Dr. James Jones, senior vice president and chief medical officer at Pacira, acknowledged that Exparel is more expensive than standard bupivacaine, but he said that the older drug does not provide pain relief for as long. It also requires the use of still other treatments, sometimes narcotics, and often longer hospital stays. And these bring added costs, the company maintains.

We should note that one study, which Pacira described as independent, was conducted by a physician who has done consulting work for Pacira, according to a government database, while Outpatient Surgery magazine in a story last summer noted ties between the drug firm and physicians who conducted research supporting Exparel.

Jones wrote us  that this particular study and two others sent us were initiated by the researchers and were funded by the drug maker.

Meanwhile, Pacira also explained that successfully administering Exparel requires repeated use, and as physicians eventually become more comfortable with using the treatment, they will achieve better patient outcomes.

This line of argument is echoed by Wall Street analysts. “The difficulty Pacira has is that they have to train physicians on how to use it properly to be able to save money,” said Shibani Malhotra, who tracks Pacira and other drug makers for Nomura Securities.

Nonetheless, some physicians said they are familiar with how to administer medications during procedures. Given the difference in cost, Dr. Matthew Austin, a coauthor of one recent prospective study comparing Exparel with the older treatment, said his institution, the Rothman Specialty Orthopaedic Hospital in Philadelphia, discontinued use. We should note that Austin also does consulting work for other device makers, according to the OpenPayments federal database.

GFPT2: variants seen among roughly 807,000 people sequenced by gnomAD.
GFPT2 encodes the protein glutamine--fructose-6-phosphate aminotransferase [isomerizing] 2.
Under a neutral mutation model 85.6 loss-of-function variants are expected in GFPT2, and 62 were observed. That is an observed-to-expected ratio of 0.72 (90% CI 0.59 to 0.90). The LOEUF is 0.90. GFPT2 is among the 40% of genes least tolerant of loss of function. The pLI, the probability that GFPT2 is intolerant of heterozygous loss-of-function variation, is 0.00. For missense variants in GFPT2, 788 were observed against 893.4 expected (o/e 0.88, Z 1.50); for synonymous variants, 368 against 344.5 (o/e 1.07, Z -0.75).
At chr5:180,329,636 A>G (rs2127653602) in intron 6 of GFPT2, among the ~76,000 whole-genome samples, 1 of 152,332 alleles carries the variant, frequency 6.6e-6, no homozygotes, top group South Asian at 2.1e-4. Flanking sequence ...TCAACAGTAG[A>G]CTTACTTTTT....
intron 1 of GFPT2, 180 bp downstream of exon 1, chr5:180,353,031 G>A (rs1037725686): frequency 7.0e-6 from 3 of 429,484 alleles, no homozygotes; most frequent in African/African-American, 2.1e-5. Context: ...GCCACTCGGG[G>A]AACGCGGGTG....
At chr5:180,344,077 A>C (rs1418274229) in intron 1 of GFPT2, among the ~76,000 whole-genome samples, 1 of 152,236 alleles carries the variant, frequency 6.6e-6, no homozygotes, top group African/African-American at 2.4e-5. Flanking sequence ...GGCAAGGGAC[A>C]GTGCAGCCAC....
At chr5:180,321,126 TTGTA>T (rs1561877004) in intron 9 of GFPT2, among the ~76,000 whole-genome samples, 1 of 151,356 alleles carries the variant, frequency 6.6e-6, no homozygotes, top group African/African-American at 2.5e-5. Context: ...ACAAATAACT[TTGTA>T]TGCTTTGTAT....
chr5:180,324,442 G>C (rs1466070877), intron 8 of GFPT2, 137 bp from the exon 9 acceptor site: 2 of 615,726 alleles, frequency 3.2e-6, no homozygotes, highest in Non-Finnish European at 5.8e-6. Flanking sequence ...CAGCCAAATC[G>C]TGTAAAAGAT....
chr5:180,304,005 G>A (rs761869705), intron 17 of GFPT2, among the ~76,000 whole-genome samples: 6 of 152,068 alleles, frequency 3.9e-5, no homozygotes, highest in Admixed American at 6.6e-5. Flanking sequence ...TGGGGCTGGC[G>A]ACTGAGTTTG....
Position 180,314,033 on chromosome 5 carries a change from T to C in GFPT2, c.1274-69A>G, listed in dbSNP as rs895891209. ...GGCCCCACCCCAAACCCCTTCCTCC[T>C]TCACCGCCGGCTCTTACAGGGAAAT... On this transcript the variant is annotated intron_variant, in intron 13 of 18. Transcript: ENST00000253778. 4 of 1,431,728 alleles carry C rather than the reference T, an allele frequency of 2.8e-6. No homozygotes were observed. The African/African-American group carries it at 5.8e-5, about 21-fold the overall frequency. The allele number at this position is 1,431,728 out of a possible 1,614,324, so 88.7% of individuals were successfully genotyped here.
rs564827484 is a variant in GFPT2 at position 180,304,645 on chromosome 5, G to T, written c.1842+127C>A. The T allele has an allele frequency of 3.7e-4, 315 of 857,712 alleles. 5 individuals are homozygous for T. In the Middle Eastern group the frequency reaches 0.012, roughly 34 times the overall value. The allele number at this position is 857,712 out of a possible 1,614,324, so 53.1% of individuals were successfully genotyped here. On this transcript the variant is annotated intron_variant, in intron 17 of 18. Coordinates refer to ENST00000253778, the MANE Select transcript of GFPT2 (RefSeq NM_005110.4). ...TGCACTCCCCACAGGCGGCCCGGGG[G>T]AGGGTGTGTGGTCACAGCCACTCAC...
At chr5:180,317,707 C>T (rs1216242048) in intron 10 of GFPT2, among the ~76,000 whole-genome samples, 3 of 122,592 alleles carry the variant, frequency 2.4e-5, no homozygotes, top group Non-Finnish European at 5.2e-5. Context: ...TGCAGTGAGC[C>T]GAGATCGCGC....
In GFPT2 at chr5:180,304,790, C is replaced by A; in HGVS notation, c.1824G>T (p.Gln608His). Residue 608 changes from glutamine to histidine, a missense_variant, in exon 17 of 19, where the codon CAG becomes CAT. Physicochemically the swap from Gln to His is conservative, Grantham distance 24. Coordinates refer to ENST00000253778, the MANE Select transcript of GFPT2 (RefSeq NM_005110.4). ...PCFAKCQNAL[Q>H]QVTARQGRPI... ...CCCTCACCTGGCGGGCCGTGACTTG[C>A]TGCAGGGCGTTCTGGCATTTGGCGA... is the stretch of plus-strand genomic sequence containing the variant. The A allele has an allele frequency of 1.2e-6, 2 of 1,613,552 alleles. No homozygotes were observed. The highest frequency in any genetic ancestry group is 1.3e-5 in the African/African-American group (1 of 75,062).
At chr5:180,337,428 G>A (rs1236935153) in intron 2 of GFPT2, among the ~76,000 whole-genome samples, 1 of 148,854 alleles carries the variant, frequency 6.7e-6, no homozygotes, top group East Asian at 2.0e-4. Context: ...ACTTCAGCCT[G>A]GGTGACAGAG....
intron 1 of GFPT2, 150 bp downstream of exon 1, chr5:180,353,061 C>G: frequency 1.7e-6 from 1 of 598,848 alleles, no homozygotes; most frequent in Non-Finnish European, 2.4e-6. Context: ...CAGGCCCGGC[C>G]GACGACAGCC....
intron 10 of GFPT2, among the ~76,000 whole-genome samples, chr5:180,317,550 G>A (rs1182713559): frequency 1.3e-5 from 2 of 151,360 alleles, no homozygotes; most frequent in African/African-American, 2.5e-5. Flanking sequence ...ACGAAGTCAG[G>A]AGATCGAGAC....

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  • I have undergone numerous back surgeries due to multiple congenital abnormalities and I am a medical doctor. My last surgery involved a synovial cyst removal, laminectomy and foraminotomy. I had no, ZERO, post surgical pain! A first for me. Exparel beats the stew out of plain Bupivicaine!

  • Mr. Silverman, I am an anesthesiologist. I do ultrasound guided pain blocks daily. Experal works much longer than $3 bupivicaine. Someone dies from an opioid related death every 20 minutes here in the U.S. The FDA has gotten it wrong in delaying use of this drug for nerve blocks.

  • One person dies in the United States every 19 minutes in an opioid related death. FDA should NOT be slow rolling any drug that can help fight the opioid crisis!

    • This drug was administered to me before hip replacement. I required zero pain killing drugs post-surgery

  • I am having a knee replacement this week and called my Ortho docs office today to c if they could use Exparel… the long time secretary said
    they had never heard of it!!!
    Is this possible?
    DR John Kavanaugh
    ORTHO NY
    EVERETT Rd
    Albany NY

    EVERETT RD